Deficiencies in American military doctrine in War on Terror

LTC Joseph Myers is a man whose name ought to be on the lips of all who care about victory in the Global War on Terror. For quite some time he has been fighting a lonely battle to get our military to study and counter-strategize against the distinctively Islamic elements in the strategies our enemies use against us. An AT contributor, Joe has studied the doctrinal aspects of Quranic warfare and written and lectured on the subject.

Only if we understand the enemy's strategic thinking can we anticipate their moves, identify their points of vulnerability, and carry out a winning strategy. Yet our military and political establishment refuses to recognize the religious-based aspects of the thinking of our enemies.

Congressional Quarterly carries an interview  with Joe that is concise and highly informative. Well worth reading. An excerpt:

We focus on al Qaeda and violent actors, we focus at the tip of the spear to prevent terrorist attacks on the homeland. We are orienting all our resources, intelligence, homeland defense, against preventing attacks. We have very few resources, in my view, oriented on everything that leads up to the point of attack - the radicalization process. And because we don't have a model for the war on terror, we don't fully even understand what that radicalization process looks like. What is the infrastructure of it? Who's involved in it? What is the ideology undergirding that radicalization process? So we still, I would argue, seven years into the war on terror, have big gaps in our strategic thinking about the fight we're in. I think those gaps explain some of the challenges we are facing in the prosecution of this war, such as, at least from what I've read in media sources, strategic communications programs. [....]

Now, I would argue, go back to the Cold War and imagine if 90 percent of our Russian studies programs were being funded by the Soviets. I mean, there's potential implications in terms of strategic influence that I think needs better scrutiny.

LTC Myers is doing our country a favor in his quest to get these questions addressed.
LTC Joseph Myers is a man whose name ought to be on the lips of all who care about victory in the Global War on Terror. For quite some time he has been fighting a lonely battle to get our military to study and counter-strategize against the distinctively Islamic elements in the strategies our enemies use against us. An AT contributor, Joe has studied the doctrinal aspects of Quranic warfare and written and lectured on the subject.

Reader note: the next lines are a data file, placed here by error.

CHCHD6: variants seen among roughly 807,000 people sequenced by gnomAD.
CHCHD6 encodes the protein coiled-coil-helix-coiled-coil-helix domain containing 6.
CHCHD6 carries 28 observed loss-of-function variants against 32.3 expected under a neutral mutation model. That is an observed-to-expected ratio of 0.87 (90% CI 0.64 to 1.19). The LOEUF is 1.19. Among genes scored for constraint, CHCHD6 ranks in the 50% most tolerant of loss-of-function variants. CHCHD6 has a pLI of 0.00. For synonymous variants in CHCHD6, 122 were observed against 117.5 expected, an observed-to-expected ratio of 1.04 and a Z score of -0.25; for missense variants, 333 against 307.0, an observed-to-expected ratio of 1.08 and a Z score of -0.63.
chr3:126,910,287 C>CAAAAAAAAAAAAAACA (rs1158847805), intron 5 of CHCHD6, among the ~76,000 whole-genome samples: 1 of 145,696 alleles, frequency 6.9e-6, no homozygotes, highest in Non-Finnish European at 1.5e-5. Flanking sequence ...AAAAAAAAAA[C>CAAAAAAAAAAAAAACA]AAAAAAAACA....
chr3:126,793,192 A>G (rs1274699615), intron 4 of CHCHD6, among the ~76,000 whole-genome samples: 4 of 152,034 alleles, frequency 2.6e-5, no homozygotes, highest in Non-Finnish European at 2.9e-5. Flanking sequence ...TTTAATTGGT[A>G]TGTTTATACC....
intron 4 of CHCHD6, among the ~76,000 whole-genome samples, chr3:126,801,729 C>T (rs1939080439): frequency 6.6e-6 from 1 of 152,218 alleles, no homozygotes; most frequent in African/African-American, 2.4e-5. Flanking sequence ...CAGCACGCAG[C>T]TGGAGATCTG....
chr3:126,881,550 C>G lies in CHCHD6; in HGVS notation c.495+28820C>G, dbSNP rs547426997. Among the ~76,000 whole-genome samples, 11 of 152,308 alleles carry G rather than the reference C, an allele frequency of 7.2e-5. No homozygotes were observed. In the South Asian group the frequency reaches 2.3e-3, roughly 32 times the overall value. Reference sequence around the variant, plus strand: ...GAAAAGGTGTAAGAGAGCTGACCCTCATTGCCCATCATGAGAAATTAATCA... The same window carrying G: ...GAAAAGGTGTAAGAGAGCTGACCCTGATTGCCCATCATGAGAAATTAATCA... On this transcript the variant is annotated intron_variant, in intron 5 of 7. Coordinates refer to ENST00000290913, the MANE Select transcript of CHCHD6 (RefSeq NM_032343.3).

Only if we understand the enemy's strategic thinking can we anticipate their moves, identify their points of vulnerability, and carry out a winning strategy. Yet our military and political establishment refuses to recognize the religious-based aspects of the thinking of our enemies.

Congressional Quarterly carries an interview  with Joe that is concise and highly informative. Well worth reading. An excerpt:

We focus on al Qaeda and violent actors, we focus at the tip of the spear to prevent terrorist attacks on the homeland. We are orienting all our resources, intelligence, homeland defense, against preventing attacks. We have very few resources, in my view, oriented on everything that leads up to the point of attack - the radicalization process. And because we don't have a model for the war on terror, we don't fully even understand what that radicalization process looks like. What is the infrastructure of it? Who's involved in it? What is the ideology undergirding that radicalization process? So we still, I would argue, seven years into the war on terror, have big gaps in our strategic thinking about the fight we're in. I think those gaps explain some of the challenges we are facing in the prosecution of this war, such as, at least from what I've read in media sources, strategic communications programs. [....]

Now, I would argue, go back to the Cold War and imagine if 90 percent of our Russian studies programs were being funded by the Soviets. I mean, there's potential implications in terms of strategic influence that I think needs better scrutiny.

LTC Myers is doing our country a favor in his quest to get these questions addressed.